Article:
When we are in this engaged, mindful state we realise that by letting go our negativity, life becomes much easier as we become more emotionally intelligent, can see all points of view and not want to create unnecessary harm and friction. The irony is that we are more likely to live a happy successful life with meaning and purpose when we can ‘fit in’ with the right kind of lifestyle and people.

Good posture and deep breathing alleviates excessive tension and calms both mind and body, this reduces damage in the body, lowers blood pressure and reduces the likelihood of a heart attack, stroke and many other related illnesses.  It helps us to engage with others and a learning environment, meaning that whilst alive we are learning and using the brain cognitively, reducing the chance of dementia and other forms of early demise.

‘Mindfulness is the path to the deathless – the mindful never die, the mindless are as if dead already’ – Dhammapada 21

There is absolutely no reason why you shouldn’t begin a mindful life from this moment on, I started 40 years ago and have not regretted a single ‘engaged’ moment….

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Back To Front Martial Arts

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I think I live in an alternate universe.

Or everyone else in the Martial Arts does.

I see Instructors putting together their training/grading syllabus…

“Erm, for red belt we’ll do this… for yellow this…. for orange this….”

They do one set of techniques for basics, different moves in a form that don’t relate to the basics and then different pairs work that doesn’t relate to either basics or form.

And I’m like…..”That’s not only back to front – it doesn’t make sense!”

I ask, “what’s the end result you’re looking for at black belt and above?”

And guess what…. I get a blank look because they haven’t thought about it!

“Erm… good basics?……”

“Is that it?”  I certainly wouldn’t want to train in a club where even the coach doesn’t know where we’re all going!

So how did I do mine for Shi Kon?

I started with the end product.  What kind of student and Instructor do I want to produce?

I want my students to develop emotional intelligence, compassion, patience and tolerance, along with courage, resolve and determination.  to have good health, mental and physical.

I want them to be competent ‘peacekeepers’ to be able to defend themselves and others. To be able to neutralise anything an opponent throws at them, to competently punch, strike, kick, lock, throw, choke and strangle.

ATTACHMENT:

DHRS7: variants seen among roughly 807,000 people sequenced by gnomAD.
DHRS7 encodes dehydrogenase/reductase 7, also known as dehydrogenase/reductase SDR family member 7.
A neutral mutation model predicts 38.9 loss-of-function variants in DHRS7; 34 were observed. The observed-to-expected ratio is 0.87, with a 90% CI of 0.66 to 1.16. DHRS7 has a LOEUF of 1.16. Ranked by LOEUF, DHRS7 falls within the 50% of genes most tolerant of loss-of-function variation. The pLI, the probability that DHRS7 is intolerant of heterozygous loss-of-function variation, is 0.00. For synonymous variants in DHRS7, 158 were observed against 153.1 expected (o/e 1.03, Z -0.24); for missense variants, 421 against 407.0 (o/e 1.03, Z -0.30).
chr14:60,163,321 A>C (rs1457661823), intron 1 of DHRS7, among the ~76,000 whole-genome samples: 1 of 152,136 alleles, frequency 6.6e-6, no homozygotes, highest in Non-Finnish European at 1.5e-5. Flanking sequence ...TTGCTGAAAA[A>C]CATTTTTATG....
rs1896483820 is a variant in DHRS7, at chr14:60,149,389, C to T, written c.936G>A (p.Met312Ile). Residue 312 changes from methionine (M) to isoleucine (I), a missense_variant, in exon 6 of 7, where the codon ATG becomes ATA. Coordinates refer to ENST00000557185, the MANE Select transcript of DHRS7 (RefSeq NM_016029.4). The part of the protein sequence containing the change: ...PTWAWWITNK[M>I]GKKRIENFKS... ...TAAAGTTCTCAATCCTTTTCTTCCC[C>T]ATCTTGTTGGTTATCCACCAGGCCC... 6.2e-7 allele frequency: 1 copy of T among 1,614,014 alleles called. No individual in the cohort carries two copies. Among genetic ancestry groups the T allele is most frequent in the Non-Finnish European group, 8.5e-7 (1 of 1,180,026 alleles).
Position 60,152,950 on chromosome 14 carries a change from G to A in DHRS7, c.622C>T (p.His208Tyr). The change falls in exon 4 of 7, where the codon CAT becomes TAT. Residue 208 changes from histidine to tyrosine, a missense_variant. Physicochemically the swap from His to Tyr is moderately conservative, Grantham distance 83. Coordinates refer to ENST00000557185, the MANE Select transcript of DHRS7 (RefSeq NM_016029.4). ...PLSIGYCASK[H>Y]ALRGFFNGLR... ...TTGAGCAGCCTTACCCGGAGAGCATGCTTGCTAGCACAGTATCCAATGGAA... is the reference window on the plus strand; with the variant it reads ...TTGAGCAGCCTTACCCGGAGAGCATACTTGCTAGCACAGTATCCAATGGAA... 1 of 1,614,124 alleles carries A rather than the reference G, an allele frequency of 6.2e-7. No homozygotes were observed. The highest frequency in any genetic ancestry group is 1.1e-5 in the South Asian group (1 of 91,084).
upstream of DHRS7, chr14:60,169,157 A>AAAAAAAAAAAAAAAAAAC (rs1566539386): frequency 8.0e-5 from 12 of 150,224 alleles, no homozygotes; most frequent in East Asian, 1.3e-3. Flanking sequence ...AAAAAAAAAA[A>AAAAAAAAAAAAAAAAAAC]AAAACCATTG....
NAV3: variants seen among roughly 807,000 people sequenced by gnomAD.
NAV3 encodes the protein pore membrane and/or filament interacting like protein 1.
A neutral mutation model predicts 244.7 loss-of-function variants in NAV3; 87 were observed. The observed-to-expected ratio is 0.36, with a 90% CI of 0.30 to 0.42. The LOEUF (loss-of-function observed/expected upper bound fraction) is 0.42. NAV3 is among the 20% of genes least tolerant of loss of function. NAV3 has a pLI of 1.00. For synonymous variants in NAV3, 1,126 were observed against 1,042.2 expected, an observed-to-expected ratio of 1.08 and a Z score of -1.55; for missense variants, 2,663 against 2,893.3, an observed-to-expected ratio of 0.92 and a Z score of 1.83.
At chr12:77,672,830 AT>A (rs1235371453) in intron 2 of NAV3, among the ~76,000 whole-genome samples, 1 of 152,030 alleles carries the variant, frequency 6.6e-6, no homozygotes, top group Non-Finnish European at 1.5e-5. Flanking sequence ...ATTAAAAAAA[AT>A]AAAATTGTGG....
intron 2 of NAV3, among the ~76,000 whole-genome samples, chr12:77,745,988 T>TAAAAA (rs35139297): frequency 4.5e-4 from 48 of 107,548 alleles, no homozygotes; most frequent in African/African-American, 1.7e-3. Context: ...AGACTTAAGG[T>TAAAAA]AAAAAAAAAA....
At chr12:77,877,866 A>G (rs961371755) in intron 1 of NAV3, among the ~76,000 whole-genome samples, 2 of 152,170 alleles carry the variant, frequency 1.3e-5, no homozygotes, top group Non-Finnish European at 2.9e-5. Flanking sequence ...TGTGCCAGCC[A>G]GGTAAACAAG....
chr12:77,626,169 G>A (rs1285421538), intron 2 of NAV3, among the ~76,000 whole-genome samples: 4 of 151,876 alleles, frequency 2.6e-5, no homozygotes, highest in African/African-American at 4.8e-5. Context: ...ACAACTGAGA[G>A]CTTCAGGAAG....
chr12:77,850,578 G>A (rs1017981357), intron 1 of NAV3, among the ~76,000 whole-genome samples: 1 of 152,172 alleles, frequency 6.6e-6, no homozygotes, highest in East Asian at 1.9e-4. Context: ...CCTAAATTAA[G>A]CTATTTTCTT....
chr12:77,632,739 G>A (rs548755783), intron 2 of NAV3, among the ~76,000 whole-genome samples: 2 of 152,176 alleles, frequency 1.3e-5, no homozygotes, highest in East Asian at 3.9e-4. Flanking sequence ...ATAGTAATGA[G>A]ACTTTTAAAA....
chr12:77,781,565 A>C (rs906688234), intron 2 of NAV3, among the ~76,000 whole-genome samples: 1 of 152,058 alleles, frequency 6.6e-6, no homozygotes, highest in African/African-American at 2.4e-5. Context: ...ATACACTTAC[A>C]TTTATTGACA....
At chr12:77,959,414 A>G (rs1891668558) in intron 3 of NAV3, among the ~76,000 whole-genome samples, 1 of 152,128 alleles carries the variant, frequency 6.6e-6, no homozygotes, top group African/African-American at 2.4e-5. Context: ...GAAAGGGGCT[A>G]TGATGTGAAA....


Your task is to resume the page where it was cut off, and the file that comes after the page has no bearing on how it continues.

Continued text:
How am I going to train that?  They need progressive meditation and neigong for the mind, posture and breathing, then qigong  to prepare the body by softening and connecting the myofascia, opening the joints and learning how the body gets connected power.

I put the 8 principles in place that MUST be within every technique to make it work and mnemonically brought each principle into one word. Put the 13 strategies in from the Yang Family system that dynamically flow through combat and respond to whatever an opponent does these too mnemonically into one word for each one.

The major forms from brown to black had to contain those qualities, Sanchin for the internal system manipulating spine and core with breathing and connection, Tensho to add the core work powering the 5 Animal Boxing and Naihanchi for the fajin  and different ways to power the techniques.

Then I continued to work backwards listing all the techniques that can express these principles and strategies and grouped them into a principle for each grade.  Then each grade would have the techniques as basics, that had to be demonstrated against a range of attackers as pairs work, strung together for combinations and all put together for a mnemonic short form for them to remember what they have to do.  That’s obvious synergy!

I used allusion, mnemonics and application, right from the start they are learning towards a goal at higher grade without realising it, they had an easy way to remember everything and the grading was the ability to make it work!

A white belt is already training to be a black belt, everything has to be practical towards that end and used without any ‘fluff’ or ‘padding’, all training is synergistic with a specific goal in mind and everyone knows where they are going, why they are doing it, what they are doing and how it relates to the end product and what that end product is!

It makes me a genius in the martial arts world but normal everywhere else, if you wanted to be a top athlete you would be taught this way, or a musician, or dancer, or taking a university degree and so on….

So it ain’t me that lives in that alternate universe!

 

 

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Compassion

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Compassion

The human race cannot survive without compassion. It’s what joins us, makes us work together to resolve our problems and evolve.  As the World is becoming more insular, as we separate ourselves from and demonise groups of people, becoming inured to their suffering we are evolving in the wrong direction and ensuring our mutual destruction.

Compassion is to be able to see clearly into the nature of suffering and not be separate from it.  Compassion is itself untainted, it cannot be attached to an outcome, it’s enemies are pity, moral outrage and fear – it transforms suffering.